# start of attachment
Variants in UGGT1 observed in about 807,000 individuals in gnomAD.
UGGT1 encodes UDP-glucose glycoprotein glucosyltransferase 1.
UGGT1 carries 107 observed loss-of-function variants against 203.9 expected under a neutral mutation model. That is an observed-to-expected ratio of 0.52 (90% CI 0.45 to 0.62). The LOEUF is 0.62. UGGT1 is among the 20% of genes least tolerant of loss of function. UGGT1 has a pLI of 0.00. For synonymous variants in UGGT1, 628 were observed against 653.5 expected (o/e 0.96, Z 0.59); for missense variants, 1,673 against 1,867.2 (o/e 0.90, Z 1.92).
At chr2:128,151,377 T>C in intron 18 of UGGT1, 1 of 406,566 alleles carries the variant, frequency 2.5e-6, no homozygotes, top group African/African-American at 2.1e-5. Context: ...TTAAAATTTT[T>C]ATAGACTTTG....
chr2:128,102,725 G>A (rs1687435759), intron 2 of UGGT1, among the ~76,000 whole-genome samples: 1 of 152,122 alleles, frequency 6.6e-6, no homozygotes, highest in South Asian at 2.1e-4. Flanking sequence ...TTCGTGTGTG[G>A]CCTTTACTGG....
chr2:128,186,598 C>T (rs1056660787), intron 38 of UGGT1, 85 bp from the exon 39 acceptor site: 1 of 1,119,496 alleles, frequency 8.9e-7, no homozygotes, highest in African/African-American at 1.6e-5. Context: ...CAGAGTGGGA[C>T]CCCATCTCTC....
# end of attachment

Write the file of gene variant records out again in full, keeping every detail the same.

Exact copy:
Variants in UGGT1 observed in about 807,000 individuals in gnomAD.
UGGT1 encodes UDP-glucose glycoprotein glucosyltransferase 1.
UGGT1 carries 107 observed loss-of-function variants against 203.9 expected under a neutral mutation model. That is an observed-to-expected ratio of 0.52 (90% CI 0.45 to 0.62). The LOEUF is 0.62. UGGT1 is among the 20% of genes least tolerant of loss of function. UGGT1 has a pLI of 0.00. For synonymous variants in UGGT1, 628 were observed against 653.5 expected (o/e 0.96, Z 0.59); for missense variants, 1,673 against 1,867.2 (o/e 0.90, Z 1.92).
At chr2:128,151,377 T>C in intron 18 of UGGT1, 1 of 406,566 alleles carries the variant, frequency 2.5e-6, no homozygotes, top group African/African-American at 2.1e-5. Context: ...TTAAAATTTT[T>C]ATAGACTTTG....
chr2:128,102,725 G>A (rs1687435759), intron 2 of UGGT1, among the ~76,000 whole-genome samples: 1 of 152,122 alleles, frequency 6.6e-6, no homozygotes, highest in South Asian at 2.1e-4. Flanking sequence ...TTCGTGTGTG[G>A]CCTTTACTGG....
chr2:128,186,598 C>T (rs1056660787), intron 38 of UGGT1, 85 bp from the exon 39 acceptor site: 1 of 1,119,496 alleles, frequency 8.9e-7, no homozygotes, highest in African/African-American at 1.6e-5. Context: ...CAGAGTGGGA[C>T]CCCATCTCTC....